When the organisers became aware of this problem half-way through the semester, they tried to compensate for the one-way communication by putting us into smaller study groups that were encouraged to self-organise and meet outside ‘school hours’ to work on our materials together. However, it varied a lot whether these groups actually managed to meet (my group never met), and the process was not facilitated. As students, we were in practice (though not always in discourse) treated more like another segment of readers or customers than as a group worth listening to, and even when time was set aside for students to contribute actively, there was always another important guest speaker waiting to take the stage, as the quote above also suggests. Although the main organiser of the school showed awareness of the problem of the overly hierarchical setup, the key indicator of success for him continued to be his ability to convince famous guest speakers to talk, not to cultivate participation. One might say that if famous and powerful people were convinced that Politiken had assembled a relevant sample of ‘the new generation’ and successfully made itself the gatekeeper of this entity, then it did not matter much how the students felt about it. This raises the question whether Politiken was out to promote itself more than to reinvigorate public debate. The narrow scope for participating shaped the kinds of contributions students were able to make, which again calls into question the kind of contribution that Politiken’s school as a whole was able to make to public debate and democratic politics in Denmark. Politiken may have supplied newspaper debate in Denmark with more letters from young people, but as long as these young people were addressed in a mode of one-way teaching, any contribution to politics in the Stengersian sense of challenging the existing majority repertoire is doubtful.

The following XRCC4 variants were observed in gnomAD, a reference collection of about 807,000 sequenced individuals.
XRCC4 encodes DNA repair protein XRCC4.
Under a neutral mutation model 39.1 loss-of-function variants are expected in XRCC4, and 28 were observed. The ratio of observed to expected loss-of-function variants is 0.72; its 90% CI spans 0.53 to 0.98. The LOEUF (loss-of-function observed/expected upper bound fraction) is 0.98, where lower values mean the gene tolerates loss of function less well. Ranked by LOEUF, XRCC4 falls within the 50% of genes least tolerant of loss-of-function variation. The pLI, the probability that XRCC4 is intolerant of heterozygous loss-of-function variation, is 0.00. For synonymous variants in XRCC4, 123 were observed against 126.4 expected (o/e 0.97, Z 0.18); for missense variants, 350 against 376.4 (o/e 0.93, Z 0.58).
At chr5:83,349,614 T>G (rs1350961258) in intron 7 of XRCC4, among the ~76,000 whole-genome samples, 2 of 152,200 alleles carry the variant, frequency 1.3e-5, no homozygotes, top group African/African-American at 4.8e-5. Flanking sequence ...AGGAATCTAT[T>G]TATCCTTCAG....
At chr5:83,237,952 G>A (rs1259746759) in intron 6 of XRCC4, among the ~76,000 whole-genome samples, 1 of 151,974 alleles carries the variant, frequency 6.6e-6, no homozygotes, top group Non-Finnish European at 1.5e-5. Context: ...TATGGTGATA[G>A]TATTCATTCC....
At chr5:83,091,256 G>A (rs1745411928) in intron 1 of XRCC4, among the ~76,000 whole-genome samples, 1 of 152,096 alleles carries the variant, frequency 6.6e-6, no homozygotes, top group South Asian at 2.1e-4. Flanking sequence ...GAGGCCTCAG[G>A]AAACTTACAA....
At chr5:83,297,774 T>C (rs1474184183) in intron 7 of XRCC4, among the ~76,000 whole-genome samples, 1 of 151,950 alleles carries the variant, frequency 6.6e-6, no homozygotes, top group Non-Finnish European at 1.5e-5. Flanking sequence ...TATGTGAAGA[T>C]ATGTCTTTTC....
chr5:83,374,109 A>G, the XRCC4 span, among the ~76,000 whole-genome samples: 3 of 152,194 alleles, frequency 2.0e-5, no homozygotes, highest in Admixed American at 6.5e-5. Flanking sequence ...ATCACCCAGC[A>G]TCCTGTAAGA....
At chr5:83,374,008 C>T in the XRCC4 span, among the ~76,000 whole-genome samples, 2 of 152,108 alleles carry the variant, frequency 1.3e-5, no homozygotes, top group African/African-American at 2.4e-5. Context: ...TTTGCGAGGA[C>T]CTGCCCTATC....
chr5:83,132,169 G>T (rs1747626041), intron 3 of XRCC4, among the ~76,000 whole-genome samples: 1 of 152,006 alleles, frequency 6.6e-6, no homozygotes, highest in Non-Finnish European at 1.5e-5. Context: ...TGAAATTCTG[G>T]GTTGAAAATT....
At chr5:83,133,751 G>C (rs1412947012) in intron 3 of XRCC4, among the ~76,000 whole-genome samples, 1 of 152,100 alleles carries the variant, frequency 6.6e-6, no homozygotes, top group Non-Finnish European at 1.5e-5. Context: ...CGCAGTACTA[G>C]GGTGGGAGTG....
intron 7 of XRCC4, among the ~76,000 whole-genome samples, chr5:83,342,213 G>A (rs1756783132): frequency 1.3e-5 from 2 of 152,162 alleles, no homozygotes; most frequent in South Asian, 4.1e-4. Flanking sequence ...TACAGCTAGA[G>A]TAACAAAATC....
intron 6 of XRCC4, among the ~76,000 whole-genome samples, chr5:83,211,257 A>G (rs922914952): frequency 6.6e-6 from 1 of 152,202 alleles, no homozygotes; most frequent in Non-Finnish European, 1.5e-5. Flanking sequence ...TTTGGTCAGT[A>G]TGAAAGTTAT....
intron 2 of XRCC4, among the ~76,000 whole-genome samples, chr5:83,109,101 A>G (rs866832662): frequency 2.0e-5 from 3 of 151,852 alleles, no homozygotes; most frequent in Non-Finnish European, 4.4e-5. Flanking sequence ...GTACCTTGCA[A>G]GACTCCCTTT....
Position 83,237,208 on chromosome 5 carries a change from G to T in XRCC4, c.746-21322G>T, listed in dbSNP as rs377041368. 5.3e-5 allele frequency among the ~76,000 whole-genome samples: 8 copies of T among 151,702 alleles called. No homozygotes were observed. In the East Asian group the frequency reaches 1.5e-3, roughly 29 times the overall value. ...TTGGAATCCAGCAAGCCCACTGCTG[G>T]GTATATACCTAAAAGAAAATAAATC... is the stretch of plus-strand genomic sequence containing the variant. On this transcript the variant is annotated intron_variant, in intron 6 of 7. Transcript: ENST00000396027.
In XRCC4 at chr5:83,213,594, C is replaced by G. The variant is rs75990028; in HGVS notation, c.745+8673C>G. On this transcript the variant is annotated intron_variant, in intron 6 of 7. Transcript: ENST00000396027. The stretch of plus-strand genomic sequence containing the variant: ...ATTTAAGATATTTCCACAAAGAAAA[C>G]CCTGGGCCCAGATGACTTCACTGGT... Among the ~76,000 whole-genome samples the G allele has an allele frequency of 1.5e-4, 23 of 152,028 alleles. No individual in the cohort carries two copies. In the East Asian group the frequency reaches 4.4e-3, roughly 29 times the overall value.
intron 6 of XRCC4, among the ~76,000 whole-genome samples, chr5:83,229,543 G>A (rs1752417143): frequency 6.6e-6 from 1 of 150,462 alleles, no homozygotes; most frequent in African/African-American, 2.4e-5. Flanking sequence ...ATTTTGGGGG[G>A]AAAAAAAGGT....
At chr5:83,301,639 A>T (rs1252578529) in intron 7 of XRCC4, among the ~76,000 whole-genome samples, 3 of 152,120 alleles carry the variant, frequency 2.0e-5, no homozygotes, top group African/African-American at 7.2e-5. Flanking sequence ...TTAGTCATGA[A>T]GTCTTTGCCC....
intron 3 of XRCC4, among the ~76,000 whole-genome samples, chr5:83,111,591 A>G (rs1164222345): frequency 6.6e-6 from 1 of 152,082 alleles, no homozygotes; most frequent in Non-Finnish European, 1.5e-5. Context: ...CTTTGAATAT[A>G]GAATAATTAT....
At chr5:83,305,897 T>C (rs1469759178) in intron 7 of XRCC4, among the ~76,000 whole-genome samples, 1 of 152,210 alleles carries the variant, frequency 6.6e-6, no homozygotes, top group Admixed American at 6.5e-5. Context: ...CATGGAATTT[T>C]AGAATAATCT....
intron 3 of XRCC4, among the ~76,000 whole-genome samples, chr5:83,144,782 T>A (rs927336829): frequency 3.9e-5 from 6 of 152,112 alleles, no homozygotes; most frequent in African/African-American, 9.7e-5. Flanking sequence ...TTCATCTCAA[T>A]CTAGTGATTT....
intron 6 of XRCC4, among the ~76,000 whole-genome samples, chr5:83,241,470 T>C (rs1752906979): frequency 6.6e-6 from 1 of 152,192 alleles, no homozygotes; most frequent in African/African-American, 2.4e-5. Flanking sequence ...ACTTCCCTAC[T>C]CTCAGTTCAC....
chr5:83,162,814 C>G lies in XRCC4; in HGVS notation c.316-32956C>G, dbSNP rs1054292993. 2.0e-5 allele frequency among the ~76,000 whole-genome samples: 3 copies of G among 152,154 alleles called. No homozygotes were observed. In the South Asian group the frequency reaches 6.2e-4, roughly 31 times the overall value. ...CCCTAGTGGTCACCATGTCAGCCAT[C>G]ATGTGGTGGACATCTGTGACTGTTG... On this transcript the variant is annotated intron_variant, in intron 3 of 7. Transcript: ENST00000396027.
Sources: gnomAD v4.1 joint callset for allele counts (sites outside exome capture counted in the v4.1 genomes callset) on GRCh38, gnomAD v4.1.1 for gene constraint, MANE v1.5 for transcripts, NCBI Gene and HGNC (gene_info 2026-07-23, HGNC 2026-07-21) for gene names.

This chapter has introduced the Danish newspaper Politiken’s ‘School of Debate and Critique’ as a democratic situation worth paying attention to. In short, the school is Politiken’s attempt to demonstrate and renew ‘high quality’ public debate in practice. I have unpacked three aspects of these efforts: The effort to recruit a ‘diverse elite’, the teaching of the craft of writing opinion letters that ‘kick inwards’, and the pros and cons of having as many as 150 students. Overall, the analysis suggests that although public debate is often considered a democratic aim in itself (Barnett 2008), in practice public debate does not necessarily contribute to democratic politics in a Stengersian sense. It depends instead on whether well-established institutions such as Politiken are willing to ‘hesitate’ and learn from otherwise muted actors how to treat them.